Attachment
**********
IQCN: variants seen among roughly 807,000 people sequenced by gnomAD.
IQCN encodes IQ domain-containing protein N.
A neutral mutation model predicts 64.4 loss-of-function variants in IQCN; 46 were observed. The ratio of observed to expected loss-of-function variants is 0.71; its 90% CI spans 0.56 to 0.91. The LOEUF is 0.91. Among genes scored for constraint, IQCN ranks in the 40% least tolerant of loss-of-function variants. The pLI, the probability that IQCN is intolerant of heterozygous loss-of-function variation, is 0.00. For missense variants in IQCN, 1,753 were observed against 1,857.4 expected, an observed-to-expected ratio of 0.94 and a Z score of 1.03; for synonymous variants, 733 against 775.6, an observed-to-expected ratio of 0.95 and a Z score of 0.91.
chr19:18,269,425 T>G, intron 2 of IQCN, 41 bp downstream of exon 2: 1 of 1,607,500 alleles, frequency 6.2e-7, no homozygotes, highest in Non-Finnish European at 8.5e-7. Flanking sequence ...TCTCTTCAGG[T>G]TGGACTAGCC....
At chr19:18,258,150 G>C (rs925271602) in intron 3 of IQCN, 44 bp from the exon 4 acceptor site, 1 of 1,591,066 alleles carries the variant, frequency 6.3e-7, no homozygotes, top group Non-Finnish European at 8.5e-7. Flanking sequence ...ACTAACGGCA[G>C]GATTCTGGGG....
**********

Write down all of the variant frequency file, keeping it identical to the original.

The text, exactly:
IQCN: variants seen among roughly 807,000 people sequenced by gnomAD.
IQCN encodes IQ domain-containing protein N.
A neutral mutation model predicts 64.4 loss-of-function variants in IQCN; 46 were observed. The ratio of observed to expected loss-of-function variants is 0.71; its 90% CI spans 0.56 to 0.91. The LOEUF is 0.91. Among genes scored for constraint, IQCN ranks in the 40% least tolerant of loss-of-function variants. The pLI, the probability that IQCN is intolerant of heterozygous loss-of-function variation, is 0.00. For missense variants in IQCN, 1,753 were observed against 1,857.4 expected, an observed-to-expected ratio of 0.94 and a Z score of 1.03; for synonymous variants, 733 against 775.6, an observed-to-expected ratio of 0.95 and a Z score of 0.91.
chr19:18,269,425 T>G, intron 2 of IQCN, 41 bp downstream of exon 2: 1 of 1,607,500 alleles, frequency 6.2e-7, no homozygotes, highest in Non-Finnish European at 8.5e-7. Flanking sequence ...TCTCTTCAGG[T>G]TGGACTAGCC....
At chr19:18,258,150 G>C (rs925271602) in intron 3 of IQCN, 44 bp from the exon 4 acceptor site, 1 of 1,591,066 alleles carries the variant, frequency 6.3e-7, no homozygotes, top group Non-Finnish European at 8.5e-7. Flanking sequence ...ACTAACGGCA[G>C]GATTCTGGGG....